Most Americans Want More Gun Control. Why Doesn’t It Happen?
A special legislative meeting on gun control scheduled after mass shootings in El Paso, Texas, and Dayton, Ohio, was postponed due to Hurricane Dorian.
The House of Representatives and U.S. Senate aren’t returning to Washington from their annual break until Sept. 9. The House Judiciary Committee originally had scheduled a markup of three bills for Wednesday, amid an outcry for action after 22 people were killed in an El Paso Wal-Mart on Aug. 3 and 10 people were killed outside a Dayton bar less than 24 hours later.
Five members of the committee are from Florida and three members are from Georgia, where Hurricane Dorian is leading to evacuations and airport closures. Members of Congress typically return to their districts when major weather events strike.
“It is unfortunate that in light of recent tragedies Hurricane Dorian caused this crucial markup to be postponed, but meaningful gun safety legislation remains a top priority,” Judiciary Committee member Rep. Debbie Mucarsel-Powell, D-Miami, said in a statement.
Florida Reps. Ted Deutch, D-Boca Raton, Val Demings, D-Orlando, Matt Gaetz, R-Fort Walton Beach, and Greg Steube, R-Sarasota, are also members of the Judiciary Committee.
Judiciary Committee member Rep. Steve Cohen, D-Tenn., said Monday that he expects the committee to advance the bills next week instead, though no formal plan has been announced.
The committee was set to send three bills to the full House of Representatives. The first was a “red flag” bill that authorizes family members or law enforcement to petition a court to restrict an individual’s access to firearms if they’re considered a threat to themselves or others in the near future. Florida passed a red flag law as part of the Majory Stoneman Douglas Public Safety Act signed into law by then-Gov. Rick Scott.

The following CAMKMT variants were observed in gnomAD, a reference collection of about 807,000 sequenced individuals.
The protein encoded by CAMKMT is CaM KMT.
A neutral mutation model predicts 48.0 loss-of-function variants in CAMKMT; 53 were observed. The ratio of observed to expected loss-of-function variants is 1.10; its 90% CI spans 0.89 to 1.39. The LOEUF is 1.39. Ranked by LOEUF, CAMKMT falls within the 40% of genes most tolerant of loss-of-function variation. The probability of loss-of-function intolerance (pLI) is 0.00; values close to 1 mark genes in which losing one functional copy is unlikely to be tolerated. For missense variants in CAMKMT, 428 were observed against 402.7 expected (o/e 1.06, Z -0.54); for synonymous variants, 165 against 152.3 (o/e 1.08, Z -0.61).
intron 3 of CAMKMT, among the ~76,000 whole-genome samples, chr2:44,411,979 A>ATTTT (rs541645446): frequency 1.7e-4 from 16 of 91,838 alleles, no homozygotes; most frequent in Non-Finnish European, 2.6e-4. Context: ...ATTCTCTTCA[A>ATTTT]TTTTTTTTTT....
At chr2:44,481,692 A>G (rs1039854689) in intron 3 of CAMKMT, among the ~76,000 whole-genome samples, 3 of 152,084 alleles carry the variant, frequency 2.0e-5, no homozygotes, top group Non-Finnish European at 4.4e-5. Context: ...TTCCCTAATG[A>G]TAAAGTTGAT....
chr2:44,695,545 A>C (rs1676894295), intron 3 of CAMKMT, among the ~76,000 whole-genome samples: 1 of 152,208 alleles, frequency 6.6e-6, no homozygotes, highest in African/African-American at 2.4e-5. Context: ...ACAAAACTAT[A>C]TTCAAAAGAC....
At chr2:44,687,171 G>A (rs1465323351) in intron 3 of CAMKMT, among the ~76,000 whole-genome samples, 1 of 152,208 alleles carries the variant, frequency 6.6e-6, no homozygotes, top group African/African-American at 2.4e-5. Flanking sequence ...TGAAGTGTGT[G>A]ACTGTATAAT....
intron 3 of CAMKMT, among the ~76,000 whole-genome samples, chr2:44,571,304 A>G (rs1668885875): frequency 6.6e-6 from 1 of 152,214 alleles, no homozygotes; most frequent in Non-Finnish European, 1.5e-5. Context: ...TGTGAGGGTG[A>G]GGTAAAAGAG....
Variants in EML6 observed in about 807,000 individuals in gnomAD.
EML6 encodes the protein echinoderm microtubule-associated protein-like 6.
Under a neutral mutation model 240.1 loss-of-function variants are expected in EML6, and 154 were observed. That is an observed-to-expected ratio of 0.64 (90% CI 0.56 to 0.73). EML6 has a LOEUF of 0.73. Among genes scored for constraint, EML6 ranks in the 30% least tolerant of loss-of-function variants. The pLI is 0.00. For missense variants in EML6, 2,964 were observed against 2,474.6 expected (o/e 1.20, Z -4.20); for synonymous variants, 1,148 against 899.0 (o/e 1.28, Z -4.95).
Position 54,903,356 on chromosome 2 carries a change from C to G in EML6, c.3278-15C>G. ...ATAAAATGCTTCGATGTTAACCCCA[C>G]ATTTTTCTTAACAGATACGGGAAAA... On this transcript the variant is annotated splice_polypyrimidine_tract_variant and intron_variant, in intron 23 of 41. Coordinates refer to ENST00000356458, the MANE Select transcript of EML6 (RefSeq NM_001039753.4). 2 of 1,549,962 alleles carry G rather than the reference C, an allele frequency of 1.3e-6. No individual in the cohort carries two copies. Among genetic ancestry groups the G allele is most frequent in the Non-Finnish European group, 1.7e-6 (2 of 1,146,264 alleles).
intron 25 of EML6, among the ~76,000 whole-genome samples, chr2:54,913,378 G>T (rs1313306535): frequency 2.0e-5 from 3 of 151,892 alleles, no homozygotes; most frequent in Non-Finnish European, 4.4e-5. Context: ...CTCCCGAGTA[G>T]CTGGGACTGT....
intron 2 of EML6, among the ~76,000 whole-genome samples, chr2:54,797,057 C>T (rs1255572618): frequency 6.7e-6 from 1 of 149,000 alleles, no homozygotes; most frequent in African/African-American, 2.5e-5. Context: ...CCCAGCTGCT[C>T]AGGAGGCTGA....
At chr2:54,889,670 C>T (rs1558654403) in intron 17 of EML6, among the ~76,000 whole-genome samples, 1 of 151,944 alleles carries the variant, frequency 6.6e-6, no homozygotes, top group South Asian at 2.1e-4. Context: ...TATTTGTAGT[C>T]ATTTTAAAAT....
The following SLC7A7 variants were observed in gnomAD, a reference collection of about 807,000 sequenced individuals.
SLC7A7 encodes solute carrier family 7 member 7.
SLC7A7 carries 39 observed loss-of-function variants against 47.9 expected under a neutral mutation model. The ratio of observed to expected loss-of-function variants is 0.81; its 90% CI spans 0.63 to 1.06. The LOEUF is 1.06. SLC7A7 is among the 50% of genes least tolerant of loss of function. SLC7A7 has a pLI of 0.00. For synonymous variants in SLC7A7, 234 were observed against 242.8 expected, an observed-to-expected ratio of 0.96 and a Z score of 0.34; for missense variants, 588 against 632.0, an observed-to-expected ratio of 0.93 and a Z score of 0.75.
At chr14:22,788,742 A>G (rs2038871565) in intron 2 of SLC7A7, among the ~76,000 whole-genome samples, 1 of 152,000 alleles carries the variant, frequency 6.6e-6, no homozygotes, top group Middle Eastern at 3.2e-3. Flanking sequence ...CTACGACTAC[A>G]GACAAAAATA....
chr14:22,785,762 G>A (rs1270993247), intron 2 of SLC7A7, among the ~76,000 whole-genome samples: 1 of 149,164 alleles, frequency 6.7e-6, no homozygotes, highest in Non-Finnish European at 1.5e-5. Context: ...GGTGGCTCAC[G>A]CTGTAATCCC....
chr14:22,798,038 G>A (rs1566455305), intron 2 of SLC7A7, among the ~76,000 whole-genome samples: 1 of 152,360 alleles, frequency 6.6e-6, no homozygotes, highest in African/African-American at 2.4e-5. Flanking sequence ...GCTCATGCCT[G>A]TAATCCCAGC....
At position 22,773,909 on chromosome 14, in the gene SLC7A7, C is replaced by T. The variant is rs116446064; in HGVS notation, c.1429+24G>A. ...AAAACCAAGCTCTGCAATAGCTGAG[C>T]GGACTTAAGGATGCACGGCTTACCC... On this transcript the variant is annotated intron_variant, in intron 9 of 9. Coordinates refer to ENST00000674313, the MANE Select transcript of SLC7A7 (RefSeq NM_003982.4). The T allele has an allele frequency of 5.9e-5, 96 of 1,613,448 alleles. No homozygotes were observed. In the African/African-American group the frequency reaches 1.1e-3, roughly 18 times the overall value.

The second is a bill that limits the size of magazines for firearms, and the third bill expands bans on firearm ownership for people who are convicted of certain hate crime misdemeanors. Republicans are not expected to back any of the three bills. Zero Republicans are among the 342 total cosponsors for the three bills.
Republicans in Washington aren’t expected to embrace widespread gun control measures unless President Donald Trump says he will sign a bill into law. House Democrats passed a bill to expand background checks in February, and Miami Rep. Mario Diaz-Balart was one of eight Republicans to break from his party to vote in favor. Democrats also passed a bill to extend the background check review process from three days to 10 days.
Senate Majority Leader Mitch McConnell, who hasn’t acted on either bill, said Tuesday that he won’t put gun control legislation up for a vote unless Trump approves.
“I said a few weeks ago that if the president took a position on a bill so that we knew we would actually be making a law and not just having serial votes, I would be happy to put it on the floor,” McConnell, R-Ky., told radio host Hugh Hewitt on his nationally syndicated show.